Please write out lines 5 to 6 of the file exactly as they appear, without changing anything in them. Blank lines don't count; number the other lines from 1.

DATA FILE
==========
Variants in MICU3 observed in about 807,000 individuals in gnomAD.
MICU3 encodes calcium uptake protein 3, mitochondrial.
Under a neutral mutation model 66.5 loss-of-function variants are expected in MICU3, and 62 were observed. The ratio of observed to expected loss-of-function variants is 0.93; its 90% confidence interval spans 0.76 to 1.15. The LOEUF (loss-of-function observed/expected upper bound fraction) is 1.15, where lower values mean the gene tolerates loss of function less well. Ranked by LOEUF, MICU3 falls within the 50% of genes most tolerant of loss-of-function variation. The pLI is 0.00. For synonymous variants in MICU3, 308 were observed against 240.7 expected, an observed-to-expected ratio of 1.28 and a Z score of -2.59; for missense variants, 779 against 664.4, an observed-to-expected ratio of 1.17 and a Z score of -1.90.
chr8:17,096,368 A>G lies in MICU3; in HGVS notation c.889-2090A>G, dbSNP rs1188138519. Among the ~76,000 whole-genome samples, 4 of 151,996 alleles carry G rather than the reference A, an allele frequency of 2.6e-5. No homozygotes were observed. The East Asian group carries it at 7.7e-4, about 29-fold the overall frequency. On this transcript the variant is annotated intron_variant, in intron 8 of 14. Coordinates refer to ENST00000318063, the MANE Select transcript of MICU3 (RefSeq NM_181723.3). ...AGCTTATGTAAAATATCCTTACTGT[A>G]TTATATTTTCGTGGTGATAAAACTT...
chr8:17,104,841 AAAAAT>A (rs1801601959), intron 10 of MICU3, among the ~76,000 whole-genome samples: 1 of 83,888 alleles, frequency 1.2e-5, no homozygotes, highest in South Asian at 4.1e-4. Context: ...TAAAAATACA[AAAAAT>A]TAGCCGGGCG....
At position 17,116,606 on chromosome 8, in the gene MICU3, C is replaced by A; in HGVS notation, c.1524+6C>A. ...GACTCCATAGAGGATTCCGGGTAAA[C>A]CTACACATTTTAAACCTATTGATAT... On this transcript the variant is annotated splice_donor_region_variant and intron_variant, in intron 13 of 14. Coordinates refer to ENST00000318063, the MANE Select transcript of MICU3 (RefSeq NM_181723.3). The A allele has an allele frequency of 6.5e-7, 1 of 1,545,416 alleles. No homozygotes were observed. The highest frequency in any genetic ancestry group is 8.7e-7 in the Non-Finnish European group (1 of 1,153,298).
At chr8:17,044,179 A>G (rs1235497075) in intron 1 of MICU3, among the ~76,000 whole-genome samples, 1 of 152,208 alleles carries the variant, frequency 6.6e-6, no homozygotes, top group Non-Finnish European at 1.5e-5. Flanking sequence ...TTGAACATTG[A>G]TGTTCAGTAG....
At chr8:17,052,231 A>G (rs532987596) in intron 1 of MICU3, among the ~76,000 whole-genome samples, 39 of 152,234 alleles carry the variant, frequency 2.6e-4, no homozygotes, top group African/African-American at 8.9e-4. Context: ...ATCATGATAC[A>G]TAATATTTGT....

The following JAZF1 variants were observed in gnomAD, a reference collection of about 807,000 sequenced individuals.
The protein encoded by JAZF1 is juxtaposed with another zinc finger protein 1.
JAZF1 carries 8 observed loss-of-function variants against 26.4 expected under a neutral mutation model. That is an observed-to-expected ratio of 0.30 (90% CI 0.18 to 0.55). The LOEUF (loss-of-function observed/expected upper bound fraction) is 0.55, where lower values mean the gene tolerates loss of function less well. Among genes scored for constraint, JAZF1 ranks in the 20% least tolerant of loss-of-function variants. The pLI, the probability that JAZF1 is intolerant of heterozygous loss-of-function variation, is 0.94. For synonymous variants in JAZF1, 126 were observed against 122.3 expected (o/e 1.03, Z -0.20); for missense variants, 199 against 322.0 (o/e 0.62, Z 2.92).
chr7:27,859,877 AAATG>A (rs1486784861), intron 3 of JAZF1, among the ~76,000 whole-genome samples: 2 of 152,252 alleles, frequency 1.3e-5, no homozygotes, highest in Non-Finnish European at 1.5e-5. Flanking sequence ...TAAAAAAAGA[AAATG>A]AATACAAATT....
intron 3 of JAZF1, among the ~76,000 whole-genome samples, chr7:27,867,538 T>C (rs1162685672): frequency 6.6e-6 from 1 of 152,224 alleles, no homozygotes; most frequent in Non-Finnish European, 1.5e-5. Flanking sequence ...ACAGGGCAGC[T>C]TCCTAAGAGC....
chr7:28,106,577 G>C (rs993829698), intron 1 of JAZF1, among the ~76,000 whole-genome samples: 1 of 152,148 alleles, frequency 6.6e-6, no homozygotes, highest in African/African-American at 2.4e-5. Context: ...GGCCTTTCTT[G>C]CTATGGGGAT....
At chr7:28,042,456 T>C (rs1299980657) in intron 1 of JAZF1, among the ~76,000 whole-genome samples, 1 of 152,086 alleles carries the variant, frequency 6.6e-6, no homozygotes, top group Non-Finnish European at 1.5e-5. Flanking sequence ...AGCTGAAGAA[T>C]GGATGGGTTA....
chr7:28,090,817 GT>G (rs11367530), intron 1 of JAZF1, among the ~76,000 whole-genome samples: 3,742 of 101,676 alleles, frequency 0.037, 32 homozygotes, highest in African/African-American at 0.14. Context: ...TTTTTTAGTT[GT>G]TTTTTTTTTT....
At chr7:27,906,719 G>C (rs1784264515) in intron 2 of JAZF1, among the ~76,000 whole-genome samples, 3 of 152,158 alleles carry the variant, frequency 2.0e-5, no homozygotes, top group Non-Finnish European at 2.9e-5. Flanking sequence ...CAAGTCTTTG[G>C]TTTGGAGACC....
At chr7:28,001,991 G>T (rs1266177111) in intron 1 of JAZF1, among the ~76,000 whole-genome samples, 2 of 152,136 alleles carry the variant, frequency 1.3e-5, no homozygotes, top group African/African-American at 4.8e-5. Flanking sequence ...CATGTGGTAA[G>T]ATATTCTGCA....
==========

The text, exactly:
chr8:17,104,841 AAAAAT>A (rs1801601959), intron 10 of MICU3, among the ~76,000 whole-genome samples: 1 of 83,888 alleles, frequency 1.2e-5, no homozygotes, highest in South Asian at 4.1e-4. Context: ...TAAAAATACA[AAAAAT>A]TAGCCGGGCG....
At position 17,116,606 on chromosome 8, in the gene MICU3, C is replaced by A; in HGVS notation, c.1524+6C>A. ...GACTCCATAGAGGATTCCGGGTAAA[C>A]CTACACATTTTAAACCTATTGATAT... On this transcript the variant is annotated splice_donor_region_variant and intron_variant, in intron 13 of 14. Coordinates refer to ENST00000318063, the MANE Select transcript of MICU3 (RefSeq NM_181723.3). The A allele has an allele frequency of 6.5e-7, 1 of 1,545,416 alleles. No homozygotes were observed. The highest frequency in any genetic ancestry group is 8.7e-7 in the Non-Finnish European group (1 of 1,153,298).